Shanti Tallio-Milton, SEAS Student alum, now works full time as a research assistant with Nuxalk Fisheries and Wildlife. Here, she ensures camera settings are correct before replacing an SD card.

Similar to Field, Monica Short, an MSc student and Raincoast Fellow, is also analyzing the potential effects of ecotourism on grizzly, black, and spirit bears in Kitasoo/Xai’xais Territory. This project arose from within the Kitasoo/Xai’xais Nation, as community members were concerned that increased bear viewing within the territory could be affecting wildlife. In collaboration with the Kitasoo/Xai’xais Stewardship Authority and the Spirit Bear Lodge, an Indigenous-owned ecotourism destination in Klemtu, this work hopes to assess whether there is evidence of displacement for both grizzly and black bear populations. This information can then assist the Nation in developing evidence-based management plans for bear viewing within their territory. Similar to Kate Field’s work, this research is a product of collaboration, with much of the remote camera deployment, servicing, and classifying of images taking place from within the Kitasoo/Xai’xais Stewardship Authority.

Photo by Jack Plant (@jackjeplant).

“This project wouldn’t exist without cameras,” remarks Short, who uses over ninety remote cameras deployed across multiple watersheds to address pressing conservation questions. Allowing for sampling over longer time periods and greater areas, remote cameras also enabled the research the opportunity to go forward when she wasn’t in Klemtu, and to collect data in the absence of humans (including researchers). During last summer’s field season while the territory was on lockdown to prevent CoVid-19 transmission, members of the Kitasoo/Xai’xais Stewardship Authority saw a unique opportunity for data collection – how would bears in an area exposed to ecotourism react when human visitation dropped dramatically?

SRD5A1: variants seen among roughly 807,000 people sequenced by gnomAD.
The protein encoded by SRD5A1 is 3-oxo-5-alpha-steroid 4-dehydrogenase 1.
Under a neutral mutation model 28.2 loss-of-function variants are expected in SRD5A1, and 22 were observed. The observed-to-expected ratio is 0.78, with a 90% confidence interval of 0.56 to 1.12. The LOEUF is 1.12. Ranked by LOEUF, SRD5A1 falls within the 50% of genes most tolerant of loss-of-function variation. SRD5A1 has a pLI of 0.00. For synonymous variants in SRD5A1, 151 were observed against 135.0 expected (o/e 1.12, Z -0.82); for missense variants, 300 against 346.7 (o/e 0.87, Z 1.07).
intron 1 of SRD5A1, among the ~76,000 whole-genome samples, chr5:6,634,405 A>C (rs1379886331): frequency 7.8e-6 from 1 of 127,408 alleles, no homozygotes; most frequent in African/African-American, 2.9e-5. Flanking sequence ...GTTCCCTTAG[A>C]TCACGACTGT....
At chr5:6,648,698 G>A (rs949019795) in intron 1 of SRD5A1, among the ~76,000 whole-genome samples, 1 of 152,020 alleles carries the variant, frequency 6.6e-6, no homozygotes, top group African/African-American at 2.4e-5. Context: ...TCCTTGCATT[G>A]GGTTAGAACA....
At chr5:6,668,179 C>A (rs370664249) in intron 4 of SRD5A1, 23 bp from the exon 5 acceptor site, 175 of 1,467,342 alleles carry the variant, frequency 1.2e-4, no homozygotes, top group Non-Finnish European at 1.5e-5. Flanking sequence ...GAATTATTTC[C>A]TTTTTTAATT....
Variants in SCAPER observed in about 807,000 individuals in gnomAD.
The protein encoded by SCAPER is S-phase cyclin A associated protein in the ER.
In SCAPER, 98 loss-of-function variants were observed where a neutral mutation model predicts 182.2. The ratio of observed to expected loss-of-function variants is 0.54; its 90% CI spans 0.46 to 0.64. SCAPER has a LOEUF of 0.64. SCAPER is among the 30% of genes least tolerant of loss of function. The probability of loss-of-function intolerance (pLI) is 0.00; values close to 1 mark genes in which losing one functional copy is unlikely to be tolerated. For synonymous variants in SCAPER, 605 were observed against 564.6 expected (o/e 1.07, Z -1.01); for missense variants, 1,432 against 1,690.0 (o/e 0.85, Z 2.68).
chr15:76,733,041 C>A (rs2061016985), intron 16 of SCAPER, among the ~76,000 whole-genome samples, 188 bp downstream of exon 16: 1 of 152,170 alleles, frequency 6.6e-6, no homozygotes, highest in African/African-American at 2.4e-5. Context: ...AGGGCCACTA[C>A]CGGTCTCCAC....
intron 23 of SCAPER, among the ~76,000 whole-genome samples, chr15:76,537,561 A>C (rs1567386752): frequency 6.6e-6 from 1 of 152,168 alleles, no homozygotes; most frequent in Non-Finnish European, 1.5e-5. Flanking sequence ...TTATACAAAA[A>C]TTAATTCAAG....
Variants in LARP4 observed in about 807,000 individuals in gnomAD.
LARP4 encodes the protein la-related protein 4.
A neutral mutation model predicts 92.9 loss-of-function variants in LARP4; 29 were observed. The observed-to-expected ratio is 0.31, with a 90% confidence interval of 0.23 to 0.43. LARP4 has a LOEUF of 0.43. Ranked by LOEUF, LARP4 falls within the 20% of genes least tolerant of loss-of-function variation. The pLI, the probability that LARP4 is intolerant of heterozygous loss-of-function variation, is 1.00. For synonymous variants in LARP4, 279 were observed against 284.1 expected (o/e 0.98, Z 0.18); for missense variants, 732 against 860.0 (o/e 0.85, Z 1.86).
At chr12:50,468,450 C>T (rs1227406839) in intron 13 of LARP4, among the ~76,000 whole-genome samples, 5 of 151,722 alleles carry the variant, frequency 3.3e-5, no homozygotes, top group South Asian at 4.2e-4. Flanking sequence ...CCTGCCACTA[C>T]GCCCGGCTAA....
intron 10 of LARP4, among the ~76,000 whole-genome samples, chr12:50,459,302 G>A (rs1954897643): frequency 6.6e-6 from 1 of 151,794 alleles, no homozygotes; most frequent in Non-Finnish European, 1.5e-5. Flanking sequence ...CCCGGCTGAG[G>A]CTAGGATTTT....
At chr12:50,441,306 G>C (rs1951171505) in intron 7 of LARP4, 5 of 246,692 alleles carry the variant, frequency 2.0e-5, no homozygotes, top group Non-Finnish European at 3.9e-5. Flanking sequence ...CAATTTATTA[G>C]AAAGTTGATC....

Beyond data collection, remote cameras have created the opportunity to see into the study systems we love so much from afar. For researchers Field and Short, and for the many staff, students, and volunteers that assist in the effort of classifying and analyzing camera data along the way, the images and videos from this research are viewed through eyes of admiration. Short recalls a particular mom with a cub of the year who she got to know over the course of her field experience, who made appearances on cameras across a watershed, allowing researchers to watch the cub grow throughout the season.

Remote cameras have advanced much of the ongoing research in the Raincoast Applied Conservation Science Lab and will continue to facilitate data collection by graduate students, Coastal First Nation partners, and field technicians. We are grateful to the Kitasoo/Xai’xais and Nuxalk Nations, as well as BC Parks, for their on-going leadership in conservation science projects with Raincoast. Such leadership, ranging from boots on the ground, boats on the water, round-table discussions and core project decision-making, and everything in between, is what makes these projects possible.

Become a Raincoaster

Monthly giving enables you to protect what you love. For 25 years, Raincoast has been furthering biodiversity conservation in BC. We have big plans and with your help we will: 

  • End commercial trophy hunting of large carnivores in the Great Bear Rainforest.
  • Acquire land in order to protect threatened Coastal Douglas-fir ecosystems.
  • Support the recovery of endangered Southern Resident killer whales by restoring Chinook salmon habitat, and so much more.
Chris Genovali, executive director of Raincoast Conservation Foundation.
Chris Genovali, Executive Director

Protecting biodiversity is the most important gift we can give the next generation. Join us as a Raincoaster today!